Flooded with numerous credit-card offers, consumers are easily
enticed by the firms that promise the best promotions. Although
most deals seem lucrative, reality begs to differ. Many offers soon
turn out to be nightmares for consumers, saddling them with
exorbitant interest charges.
Concerned about this development, the Consumer Financial
Protection Bureau (CFPB) has warned credit-card issuers against
luring gullible consumers and hitting them with surprise charges.
The fact that many credit-card issuers are not disclosing the
hidden risks associated with popular promotional offers, had left
the federal regulator worried. Consequently, the CFPB issued a
notice to the credit-card companies on deceptive marketing
promotions such as zero interest balance transfers, deferred
interest offers and convenience checks. The bureau has also warned
the issuers of legal action in case of any dissimulation.
Though the bureau did not name any particular credit-card company,
there are many such firms that offer balance transfers including
Capital One Financial Corp. (
), JPMorgan Chase & Co. (
), Citigroup Inc. (
) and American Express Co. (
Hidden Costs of Promotion
Recent rules have restricted the types of fees that banks and
credit-card companies can charge from customers. So in order to
boost revenues, banks have devised credit-card related promotional
offers like balance transfer and others. These are aimed at
increasing the number of credit-card customers.
Credit-card issuers offer a grace period to consumers on new
purchases. If a consumer is unable to pay the entire balance by the
due date, the company starts charging interest on the unpaid
amount. Not only that, the consumer subsequently loses the facility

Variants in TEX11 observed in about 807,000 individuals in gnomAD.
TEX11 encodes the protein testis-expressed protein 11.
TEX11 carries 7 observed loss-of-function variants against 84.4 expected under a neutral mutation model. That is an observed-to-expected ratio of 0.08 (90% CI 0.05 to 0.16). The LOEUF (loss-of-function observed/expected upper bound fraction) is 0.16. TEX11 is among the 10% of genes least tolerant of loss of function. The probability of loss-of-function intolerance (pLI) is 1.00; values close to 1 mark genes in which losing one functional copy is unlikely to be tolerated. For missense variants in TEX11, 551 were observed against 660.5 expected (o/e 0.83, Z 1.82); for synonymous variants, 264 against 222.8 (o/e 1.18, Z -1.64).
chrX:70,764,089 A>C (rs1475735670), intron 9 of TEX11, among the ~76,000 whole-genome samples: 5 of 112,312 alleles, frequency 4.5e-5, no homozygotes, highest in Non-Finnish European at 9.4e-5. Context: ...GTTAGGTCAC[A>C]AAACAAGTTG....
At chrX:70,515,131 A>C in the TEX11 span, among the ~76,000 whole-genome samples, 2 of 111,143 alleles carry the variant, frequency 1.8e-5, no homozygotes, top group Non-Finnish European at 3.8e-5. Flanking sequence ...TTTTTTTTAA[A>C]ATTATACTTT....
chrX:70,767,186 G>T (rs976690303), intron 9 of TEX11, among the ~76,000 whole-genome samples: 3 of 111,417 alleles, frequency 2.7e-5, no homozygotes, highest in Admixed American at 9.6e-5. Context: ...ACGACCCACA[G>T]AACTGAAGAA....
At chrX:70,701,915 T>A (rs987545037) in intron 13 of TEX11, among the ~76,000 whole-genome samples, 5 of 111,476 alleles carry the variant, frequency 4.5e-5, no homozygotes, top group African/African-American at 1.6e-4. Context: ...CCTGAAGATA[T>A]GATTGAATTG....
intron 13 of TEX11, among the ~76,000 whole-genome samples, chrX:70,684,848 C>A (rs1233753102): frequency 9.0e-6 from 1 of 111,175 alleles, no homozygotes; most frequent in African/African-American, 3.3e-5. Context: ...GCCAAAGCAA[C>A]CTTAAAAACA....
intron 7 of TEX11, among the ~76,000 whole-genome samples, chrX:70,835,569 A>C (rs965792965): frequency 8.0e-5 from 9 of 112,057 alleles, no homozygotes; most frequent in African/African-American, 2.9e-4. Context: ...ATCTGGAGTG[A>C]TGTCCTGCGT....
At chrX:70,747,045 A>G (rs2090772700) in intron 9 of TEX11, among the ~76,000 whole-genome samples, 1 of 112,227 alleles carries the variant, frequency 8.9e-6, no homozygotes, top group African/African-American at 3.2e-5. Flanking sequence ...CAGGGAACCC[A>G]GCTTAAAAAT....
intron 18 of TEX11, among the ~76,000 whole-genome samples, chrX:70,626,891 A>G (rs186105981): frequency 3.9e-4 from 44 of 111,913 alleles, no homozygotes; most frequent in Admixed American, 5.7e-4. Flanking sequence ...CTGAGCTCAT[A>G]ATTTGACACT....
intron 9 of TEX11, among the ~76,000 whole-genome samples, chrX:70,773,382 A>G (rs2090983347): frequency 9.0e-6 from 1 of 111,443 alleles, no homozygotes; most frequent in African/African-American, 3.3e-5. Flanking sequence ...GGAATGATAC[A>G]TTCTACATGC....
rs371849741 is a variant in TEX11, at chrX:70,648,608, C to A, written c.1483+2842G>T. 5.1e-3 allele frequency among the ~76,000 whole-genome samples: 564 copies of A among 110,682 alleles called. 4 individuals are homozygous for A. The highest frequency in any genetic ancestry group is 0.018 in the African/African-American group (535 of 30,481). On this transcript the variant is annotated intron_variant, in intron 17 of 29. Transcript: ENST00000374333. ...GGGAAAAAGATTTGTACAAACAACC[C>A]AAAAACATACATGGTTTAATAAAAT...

of grace period for all new purchases.
According to the CFPB, the issuers often refrain from clearly
stating the hidden risks associated with credit cards. Hence, lack
of information about the products often deceive many consumers and
compel them to pay higher interests.
CFPB - Ramping Up Scrutiny
The CFPB was created by the 2010 Dodd-Frank Wall Street reform law,
in the aftermath of the financial crisis. Its goal is to shield
consumers from abuses or deceptive practices pertaining to certain
financial products like credit cards and payday loans.
The CFPB released a bulletin featuring certain tips for consumers
to help them understand how grace periods work and how to evaluate
credit-card promotional offers. Key takeaways from the bulletin are
- Consumers can take advantage of zero-interest offers and
avoid surprise interest hikes by paying off the initial
promotional purchase before making new purchases on the
- Consumers have to be careful about making a timely payment.
In case there is a grace period, consumers have to ensure that
they pay off the entire balance before the end of the grace
- If a consumer is unable to pay off credit card balance in
full every month, it is better to consider cash or using a
different card for making new purchase.
Given this promptness of the regulator, we believe that the
card-issuers will be more restraint while making promotional offers
with hidden risks. This may even lead to a fall in the credit-card
related revenues of the issuers to some extent.
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